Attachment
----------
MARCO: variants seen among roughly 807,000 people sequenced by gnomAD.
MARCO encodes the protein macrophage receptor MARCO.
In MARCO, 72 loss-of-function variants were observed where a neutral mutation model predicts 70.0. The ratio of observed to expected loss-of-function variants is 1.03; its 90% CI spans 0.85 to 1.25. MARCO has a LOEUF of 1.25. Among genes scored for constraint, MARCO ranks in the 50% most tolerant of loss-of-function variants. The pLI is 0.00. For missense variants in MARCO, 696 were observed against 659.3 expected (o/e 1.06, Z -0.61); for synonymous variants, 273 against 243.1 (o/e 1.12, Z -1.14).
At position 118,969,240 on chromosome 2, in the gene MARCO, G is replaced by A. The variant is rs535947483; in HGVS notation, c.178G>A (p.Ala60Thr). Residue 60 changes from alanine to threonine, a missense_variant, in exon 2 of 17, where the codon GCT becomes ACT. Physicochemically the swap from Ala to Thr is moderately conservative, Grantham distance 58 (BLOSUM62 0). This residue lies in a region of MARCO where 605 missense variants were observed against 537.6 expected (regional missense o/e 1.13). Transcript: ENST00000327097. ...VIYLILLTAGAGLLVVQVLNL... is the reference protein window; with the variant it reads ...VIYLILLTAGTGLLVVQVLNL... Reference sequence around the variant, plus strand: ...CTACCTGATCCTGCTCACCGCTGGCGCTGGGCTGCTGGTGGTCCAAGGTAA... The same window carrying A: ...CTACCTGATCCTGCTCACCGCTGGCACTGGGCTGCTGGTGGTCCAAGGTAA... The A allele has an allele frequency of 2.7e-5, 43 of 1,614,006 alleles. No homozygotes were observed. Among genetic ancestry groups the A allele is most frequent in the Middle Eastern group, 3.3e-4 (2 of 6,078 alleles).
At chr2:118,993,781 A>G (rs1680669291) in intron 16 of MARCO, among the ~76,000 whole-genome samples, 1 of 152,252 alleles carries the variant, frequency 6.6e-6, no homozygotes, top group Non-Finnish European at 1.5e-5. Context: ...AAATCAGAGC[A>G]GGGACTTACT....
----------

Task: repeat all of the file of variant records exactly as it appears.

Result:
MARCO: variants seen among roughly 807,000 people sequenced by gnomAD.
MARCO encodes the protein macrophage receptor MARCO.
In MARCO, 72 loss-of-function variants were observed where a neutral mutation model predicts 70.0. The ratio of observed to expected loss-of-function variants is 1.03; its 90% CI spans 0.85 to 1.25. MARCO has a LOEUF of 1.25. Among genes scored for constraint, MARCO ranks in the 50% most tolerant of loss-of-function variants. The pLI is 0.00. For missense variants in MARCO, 696 were observed against 659.3 expected (o/e 1.06, Z -0.61); for synonymous variants, 273 against 243.1 (o/e 1.12, Z -1.14).
At position 118,969,240 on chromosome 2, in the gene MARCO, G is replaced by A. The variant is rs535947483; in HGVS notation, c.178G>A (p.Ala60Thr). Residue 60 changes from alanine to threonine, a missense_variant, in exon 2 of 17, where the codon GCT becomes ACT. Physicochemically the swap from Ala to Thr is moderately conservative, Grantham distance 58 (BLOSUM62 0). This residue lies in a region of MARCO where 605 missense variants were observed against 537.6 expected (regional missense o/e 1.13). Transcript: ENST00000327097. ...VIYLILLTAGAGLLVVQVLNL... is the reference protein window; with the variant it reads ...VIYLILLTAGTGLLVVQVLNL... Reference sequence around the variant, plus strand: ...CTACCTGATCCTGCTCACCGCTGGCGCTGGGCTGCTGGTGGTCCAAGGTAA... The same window carrying A: ...CTACCTGATCCTGCTCACCGCTGGCACTGGGCTGCTGGTGGTCCAAGGTAA... The A allele has an allele frequency of 2.7e-5, 43 of 1,614,006 alleles. No homozygotes were observed. Among genetic ancestry groups the A allele is most frequent in the Middle Eastern group, 3.3e-4 (2 of 6,078 alleles).
At chr2:118,993,781 A>G (rs1680669291) in intron 16 of MARCO, among the ~76,000 whole-genome samples, 1 of 152,252 alleles carries the variant, frequency 6.6e-6, no homozygotes, top group Non-Finnish European at 1.5e-5. Context: ...AAATCAGAGC[A>G]GGGACTTACT....